The fact that COVID-19 has disproportionately impacted communities of color has been widely reported. And, as the virus continues to spread, so too has its disproportionate impact due to many factors including systemic health disparities and social determinants of health that have long plagued people of color.
Now, studies show these same disproportionately impacted communities are the most distrusting of the COVID-19 vaccine.
A recent study conducted by the NAACP and UnidosUS found only 14 percent of Black Americans and 34 percent of Latino Americans trust a vaccine will be safe. Eighteen percent and 40 percent, respectively, trust the vaccine will be effective, according to the survey.
This is not at all a surprise for those of us who know and understand the racial injustices surrounding vaccines that have been inflicted on people of color, in particular the Black community, throughout our nation’s history. Many know of the Tuskegee Experiments, but they are hardly the only case of unethical and racist experiments on people of color.
So, what can be done?
Communicating the safety of the COVID-19 vaccine and why people of color should get vaccinated needs to take on classic elements of strategic crisis communication, which begins with empathy. Both because of the historical reasons, as well as because these communities have experienced a disproportionate amount of trauma from the Coronavirus and from its ramifications including economic challenges.
This means governmental and health organization must ensure the people who are entrusted to develop the messages and the credible ways to communicate them to communities of color not only understand the historical contexts that shape their concerns and fuel their distrust, but that they are in an empathetic and credible position to do so.
This is not a case where the same communication and messaging can be done to all audiences or simply translated to other languages. Rather, messages must be culturally relevant, tailored and authentic to resonate with communities of color. In multicultural marketing, we call this “Transcreation.”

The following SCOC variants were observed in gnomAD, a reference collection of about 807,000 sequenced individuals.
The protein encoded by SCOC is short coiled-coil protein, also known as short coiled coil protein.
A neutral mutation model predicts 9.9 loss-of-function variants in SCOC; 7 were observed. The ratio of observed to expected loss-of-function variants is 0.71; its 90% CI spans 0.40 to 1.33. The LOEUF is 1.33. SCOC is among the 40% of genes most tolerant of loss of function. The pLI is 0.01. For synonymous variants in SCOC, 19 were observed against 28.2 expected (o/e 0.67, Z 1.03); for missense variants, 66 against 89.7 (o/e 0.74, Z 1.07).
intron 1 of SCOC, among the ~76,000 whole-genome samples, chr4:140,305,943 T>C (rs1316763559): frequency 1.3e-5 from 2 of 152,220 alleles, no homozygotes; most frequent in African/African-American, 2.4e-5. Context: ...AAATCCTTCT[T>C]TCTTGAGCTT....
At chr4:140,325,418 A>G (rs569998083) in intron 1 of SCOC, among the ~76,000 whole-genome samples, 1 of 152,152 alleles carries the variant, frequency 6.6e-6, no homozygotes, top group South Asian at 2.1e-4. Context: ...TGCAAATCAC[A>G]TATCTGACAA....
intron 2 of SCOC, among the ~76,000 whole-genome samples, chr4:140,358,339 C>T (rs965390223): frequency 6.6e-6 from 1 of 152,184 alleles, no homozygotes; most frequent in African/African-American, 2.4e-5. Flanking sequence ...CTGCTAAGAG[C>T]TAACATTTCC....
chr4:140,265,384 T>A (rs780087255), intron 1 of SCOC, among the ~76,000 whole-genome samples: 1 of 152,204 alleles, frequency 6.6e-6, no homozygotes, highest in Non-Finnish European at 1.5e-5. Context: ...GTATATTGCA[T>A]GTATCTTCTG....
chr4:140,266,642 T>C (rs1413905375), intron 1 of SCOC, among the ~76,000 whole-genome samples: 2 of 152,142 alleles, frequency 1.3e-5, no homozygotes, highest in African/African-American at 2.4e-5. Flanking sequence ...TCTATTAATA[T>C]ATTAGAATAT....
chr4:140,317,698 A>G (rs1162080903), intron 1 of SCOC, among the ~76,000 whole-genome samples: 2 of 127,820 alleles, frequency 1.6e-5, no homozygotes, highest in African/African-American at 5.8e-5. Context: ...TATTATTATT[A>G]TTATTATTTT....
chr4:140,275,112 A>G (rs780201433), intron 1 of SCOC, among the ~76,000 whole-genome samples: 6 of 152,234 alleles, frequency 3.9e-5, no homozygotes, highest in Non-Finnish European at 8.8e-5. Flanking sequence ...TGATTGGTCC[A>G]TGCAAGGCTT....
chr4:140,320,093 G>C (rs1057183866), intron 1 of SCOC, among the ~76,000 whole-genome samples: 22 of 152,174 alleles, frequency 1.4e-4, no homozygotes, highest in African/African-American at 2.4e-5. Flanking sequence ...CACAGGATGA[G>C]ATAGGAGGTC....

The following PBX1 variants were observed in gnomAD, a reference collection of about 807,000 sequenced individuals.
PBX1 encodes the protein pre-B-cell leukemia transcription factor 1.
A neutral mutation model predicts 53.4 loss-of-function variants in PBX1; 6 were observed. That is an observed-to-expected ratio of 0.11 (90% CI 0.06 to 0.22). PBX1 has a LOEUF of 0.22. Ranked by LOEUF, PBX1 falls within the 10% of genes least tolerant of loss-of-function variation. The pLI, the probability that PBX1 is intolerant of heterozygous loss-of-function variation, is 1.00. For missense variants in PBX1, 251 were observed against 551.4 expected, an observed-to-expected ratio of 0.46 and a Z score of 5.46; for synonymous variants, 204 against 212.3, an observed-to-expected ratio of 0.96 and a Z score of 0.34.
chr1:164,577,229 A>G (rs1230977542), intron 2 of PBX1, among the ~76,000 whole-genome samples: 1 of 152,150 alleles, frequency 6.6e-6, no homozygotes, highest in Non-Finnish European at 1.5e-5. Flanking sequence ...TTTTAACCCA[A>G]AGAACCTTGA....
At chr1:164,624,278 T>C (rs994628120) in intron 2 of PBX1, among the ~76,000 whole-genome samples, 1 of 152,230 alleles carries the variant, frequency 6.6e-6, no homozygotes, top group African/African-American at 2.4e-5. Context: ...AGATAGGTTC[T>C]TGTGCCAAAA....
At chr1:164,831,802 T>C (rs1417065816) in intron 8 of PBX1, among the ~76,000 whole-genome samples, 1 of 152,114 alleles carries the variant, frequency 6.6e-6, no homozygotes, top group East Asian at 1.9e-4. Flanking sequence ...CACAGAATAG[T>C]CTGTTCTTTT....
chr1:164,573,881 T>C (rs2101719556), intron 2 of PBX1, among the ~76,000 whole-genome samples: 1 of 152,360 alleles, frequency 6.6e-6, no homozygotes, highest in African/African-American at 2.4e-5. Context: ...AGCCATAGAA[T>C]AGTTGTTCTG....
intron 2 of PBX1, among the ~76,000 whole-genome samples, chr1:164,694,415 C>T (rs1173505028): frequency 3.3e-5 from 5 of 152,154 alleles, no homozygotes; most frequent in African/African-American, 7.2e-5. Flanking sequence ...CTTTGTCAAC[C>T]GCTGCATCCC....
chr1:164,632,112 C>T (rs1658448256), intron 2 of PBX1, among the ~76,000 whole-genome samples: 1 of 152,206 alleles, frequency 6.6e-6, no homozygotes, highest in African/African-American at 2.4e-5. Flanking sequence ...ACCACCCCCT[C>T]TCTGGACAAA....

Further, organizations and governments should also enlist the help of influential surrogates who have the trust of their communities to help to deliver the tailored messages and get vaccinated themselves, such as Hartford HealthCare’s Senior System Director for Infection Prevention, Dr. Keith Grant, who has been vocal about the safety of the vaccine. The same NAACP and UnidosUS study showed that people of color would trust a messenger of their own racial/ethnic group twice as much as a White leader.
The study showed the high trust among Blacks and Hispanics in their health care provider at giving clear information for making a decision, indicating doctors and other clinical staff – particular from racial/ethnic heritage – would also be helpful in communicating culturally relevant messages.
Transparency is also an important consideration for building trust, especially from governmental institutions. This is a time where it won’t be possible to over communicate to communities of color and to make extra efforts to leverage or build relationships with the institutions they trust.
With generations of distrust in vaccines and health disparities, the many recent racial injustices still fresh on people’s minds, as well as the Coronavirus, which has kept us all in a prolonged pandemic, there is no time to waste when it comes to ensuring communication about the vaccine is done in a culturally relevant manner.